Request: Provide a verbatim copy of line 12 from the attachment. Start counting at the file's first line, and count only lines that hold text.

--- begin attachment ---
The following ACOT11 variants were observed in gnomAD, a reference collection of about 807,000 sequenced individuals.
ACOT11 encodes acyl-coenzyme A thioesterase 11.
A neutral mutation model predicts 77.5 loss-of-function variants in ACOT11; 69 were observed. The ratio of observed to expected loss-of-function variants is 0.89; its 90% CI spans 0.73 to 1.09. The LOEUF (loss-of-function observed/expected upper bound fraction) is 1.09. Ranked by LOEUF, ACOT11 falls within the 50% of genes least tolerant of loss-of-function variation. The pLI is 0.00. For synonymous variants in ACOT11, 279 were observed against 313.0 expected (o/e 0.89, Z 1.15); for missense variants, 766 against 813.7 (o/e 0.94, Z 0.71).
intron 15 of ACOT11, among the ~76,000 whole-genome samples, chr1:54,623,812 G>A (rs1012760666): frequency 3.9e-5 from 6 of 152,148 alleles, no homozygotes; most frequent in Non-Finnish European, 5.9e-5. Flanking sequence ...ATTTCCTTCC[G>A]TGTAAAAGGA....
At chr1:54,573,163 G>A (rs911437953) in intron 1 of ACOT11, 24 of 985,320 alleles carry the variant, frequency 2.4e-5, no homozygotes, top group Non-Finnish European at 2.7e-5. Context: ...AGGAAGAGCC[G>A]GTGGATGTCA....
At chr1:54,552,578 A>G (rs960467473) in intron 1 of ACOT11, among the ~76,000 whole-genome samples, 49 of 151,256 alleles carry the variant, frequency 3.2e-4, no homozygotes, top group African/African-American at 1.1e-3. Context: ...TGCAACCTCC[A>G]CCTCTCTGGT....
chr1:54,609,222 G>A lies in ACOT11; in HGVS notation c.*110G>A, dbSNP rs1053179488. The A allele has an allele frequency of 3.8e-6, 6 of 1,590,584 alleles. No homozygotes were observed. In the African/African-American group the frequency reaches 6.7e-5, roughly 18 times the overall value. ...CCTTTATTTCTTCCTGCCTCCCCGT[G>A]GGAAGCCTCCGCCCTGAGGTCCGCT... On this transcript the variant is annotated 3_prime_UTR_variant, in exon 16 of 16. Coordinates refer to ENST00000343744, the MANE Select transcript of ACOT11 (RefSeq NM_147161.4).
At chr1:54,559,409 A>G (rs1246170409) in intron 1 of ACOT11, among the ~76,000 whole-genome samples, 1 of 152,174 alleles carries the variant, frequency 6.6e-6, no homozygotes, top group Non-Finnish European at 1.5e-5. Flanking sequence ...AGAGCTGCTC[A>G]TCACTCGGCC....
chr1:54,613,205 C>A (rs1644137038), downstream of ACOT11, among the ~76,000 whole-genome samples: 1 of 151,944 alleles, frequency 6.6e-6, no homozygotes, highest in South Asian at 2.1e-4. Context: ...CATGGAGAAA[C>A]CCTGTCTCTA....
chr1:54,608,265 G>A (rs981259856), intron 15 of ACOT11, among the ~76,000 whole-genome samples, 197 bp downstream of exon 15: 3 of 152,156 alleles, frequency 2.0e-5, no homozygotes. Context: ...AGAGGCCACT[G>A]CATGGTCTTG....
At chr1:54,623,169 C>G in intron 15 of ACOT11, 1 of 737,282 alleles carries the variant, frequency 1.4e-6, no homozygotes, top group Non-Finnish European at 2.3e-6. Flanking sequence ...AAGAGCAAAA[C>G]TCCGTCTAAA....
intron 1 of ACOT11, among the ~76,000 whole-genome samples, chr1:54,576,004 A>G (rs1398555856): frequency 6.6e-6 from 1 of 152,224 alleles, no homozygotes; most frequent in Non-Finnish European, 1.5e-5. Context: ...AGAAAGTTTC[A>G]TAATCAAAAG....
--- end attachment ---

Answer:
intron 1 of ACOT11, among the ~76,000 whole-genome samples, chr1:54,576,004 A>G (rs1398555856): frequency 6.6e-6 from 1 of 152,224 alleles, no homozygotes; most frequent in Non-Finnish European, 1.5e-5. Context: ...AGAAAGTTTC[A>G]TAATCAAAAG....